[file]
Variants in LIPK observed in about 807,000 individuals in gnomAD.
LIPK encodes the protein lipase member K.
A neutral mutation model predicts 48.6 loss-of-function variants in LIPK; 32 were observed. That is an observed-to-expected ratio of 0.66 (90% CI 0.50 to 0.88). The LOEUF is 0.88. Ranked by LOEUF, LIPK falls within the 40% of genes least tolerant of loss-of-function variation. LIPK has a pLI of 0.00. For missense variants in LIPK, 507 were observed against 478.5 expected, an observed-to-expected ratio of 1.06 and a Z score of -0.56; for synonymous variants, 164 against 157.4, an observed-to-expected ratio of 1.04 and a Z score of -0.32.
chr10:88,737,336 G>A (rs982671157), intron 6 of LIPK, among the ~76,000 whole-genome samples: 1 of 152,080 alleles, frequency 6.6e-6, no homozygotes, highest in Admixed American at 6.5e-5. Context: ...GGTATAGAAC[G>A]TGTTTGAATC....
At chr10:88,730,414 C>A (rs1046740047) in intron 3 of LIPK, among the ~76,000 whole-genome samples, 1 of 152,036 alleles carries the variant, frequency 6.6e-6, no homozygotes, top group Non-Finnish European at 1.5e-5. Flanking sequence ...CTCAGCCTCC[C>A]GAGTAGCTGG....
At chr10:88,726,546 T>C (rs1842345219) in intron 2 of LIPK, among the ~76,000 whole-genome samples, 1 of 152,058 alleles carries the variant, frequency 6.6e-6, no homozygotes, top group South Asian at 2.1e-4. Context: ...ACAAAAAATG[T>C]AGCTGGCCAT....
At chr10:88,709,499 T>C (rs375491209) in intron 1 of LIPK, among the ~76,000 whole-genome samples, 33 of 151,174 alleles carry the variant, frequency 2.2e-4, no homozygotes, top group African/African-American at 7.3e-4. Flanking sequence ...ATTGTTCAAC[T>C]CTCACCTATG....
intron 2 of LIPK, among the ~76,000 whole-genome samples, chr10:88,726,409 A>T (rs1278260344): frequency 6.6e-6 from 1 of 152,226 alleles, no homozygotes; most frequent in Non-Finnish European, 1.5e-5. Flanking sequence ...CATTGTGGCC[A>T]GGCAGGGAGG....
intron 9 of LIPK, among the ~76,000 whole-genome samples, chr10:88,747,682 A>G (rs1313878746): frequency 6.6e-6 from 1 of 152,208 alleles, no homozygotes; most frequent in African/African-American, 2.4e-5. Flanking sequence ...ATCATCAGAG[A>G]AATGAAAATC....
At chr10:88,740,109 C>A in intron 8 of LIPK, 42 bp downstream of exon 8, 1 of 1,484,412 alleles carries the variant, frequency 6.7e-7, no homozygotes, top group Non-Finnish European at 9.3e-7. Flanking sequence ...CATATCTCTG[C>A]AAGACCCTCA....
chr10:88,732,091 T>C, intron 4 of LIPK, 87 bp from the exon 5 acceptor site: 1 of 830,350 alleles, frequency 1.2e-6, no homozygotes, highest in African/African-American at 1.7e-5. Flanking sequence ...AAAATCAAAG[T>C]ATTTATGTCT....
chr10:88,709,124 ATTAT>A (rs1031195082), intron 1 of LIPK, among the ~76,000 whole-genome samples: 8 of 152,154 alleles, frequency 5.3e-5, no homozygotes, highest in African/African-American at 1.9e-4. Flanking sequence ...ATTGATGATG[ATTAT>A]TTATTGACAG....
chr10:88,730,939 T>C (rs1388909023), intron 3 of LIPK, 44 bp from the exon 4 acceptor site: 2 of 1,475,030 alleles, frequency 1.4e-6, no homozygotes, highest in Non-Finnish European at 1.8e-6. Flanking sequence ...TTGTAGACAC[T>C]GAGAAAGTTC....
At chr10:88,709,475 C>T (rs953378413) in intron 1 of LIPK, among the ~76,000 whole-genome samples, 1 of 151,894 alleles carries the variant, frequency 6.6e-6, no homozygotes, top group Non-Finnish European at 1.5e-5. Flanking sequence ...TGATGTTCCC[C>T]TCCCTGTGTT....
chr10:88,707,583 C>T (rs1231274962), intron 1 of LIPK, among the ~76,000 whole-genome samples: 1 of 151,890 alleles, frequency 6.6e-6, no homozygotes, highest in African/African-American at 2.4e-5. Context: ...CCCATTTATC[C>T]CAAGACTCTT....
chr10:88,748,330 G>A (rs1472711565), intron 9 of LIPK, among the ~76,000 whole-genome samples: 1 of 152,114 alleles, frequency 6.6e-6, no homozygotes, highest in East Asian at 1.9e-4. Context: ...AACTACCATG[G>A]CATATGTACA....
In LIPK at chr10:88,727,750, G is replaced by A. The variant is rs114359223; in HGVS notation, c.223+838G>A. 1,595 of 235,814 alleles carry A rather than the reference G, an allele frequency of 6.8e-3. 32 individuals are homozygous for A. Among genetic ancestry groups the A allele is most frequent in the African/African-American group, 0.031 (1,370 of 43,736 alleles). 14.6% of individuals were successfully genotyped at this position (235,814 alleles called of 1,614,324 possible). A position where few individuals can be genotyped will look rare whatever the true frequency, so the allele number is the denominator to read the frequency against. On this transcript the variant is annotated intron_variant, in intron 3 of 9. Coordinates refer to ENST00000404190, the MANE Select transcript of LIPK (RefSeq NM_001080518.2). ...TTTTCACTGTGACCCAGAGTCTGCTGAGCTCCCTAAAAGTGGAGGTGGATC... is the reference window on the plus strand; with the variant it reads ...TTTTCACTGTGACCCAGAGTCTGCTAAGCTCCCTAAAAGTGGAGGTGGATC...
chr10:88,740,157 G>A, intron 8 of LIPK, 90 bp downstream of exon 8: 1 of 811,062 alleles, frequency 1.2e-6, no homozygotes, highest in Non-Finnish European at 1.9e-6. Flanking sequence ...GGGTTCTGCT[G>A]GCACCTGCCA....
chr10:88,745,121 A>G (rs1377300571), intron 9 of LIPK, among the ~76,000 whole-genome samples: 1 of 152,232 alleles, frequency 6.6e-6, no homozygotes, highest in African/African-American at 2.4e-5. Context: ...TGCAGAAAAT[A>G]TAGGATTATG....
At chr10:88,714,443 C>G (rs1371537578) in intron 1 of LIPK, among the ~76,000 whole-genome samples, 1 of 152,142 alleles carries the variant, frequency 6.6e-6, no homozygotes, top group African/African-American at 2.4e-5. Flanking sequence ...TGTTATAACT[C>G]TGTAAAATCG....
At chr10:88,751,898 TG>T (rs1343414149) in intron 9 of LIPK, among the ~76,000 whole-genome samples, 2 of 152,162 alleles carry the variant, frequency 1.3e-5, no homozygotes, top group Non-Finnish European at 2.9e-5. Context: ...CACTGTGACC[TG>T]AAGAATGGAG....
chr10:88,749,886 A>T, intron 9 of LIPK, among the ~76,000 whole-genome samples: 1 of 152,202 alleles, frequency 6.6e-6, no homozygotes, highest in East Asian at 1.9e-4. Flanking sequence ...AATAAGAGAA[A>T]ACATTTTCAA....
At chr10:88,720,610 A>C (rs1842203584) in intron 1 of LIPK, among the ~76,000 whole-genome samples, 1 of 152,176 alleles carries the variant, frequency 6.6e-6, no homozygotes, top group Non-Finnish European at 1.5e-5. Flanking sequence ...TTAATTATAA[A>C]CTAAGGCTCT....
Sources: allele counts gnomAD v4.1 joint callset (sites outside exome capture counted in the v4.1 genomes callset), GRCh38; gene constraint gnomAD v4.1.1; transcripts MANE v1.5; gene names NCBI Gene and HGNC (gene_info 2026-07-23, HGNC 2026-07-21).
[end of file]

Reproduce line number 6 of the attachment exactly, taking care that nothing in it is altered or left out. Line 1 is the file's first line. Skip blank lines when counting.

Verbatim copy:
At chr10:88,726,546 T>C (rs1842345219) in intron 2 of LIPK, among the ~76,000 whole-genome samples, 1 of 152,058 alleles carries the variant, frequency 6.6e-6, no homozygotes, top group South Asian at 2.1e-4. Context: ...ACAAAAAATG[T>C]AGCTGGCCAT....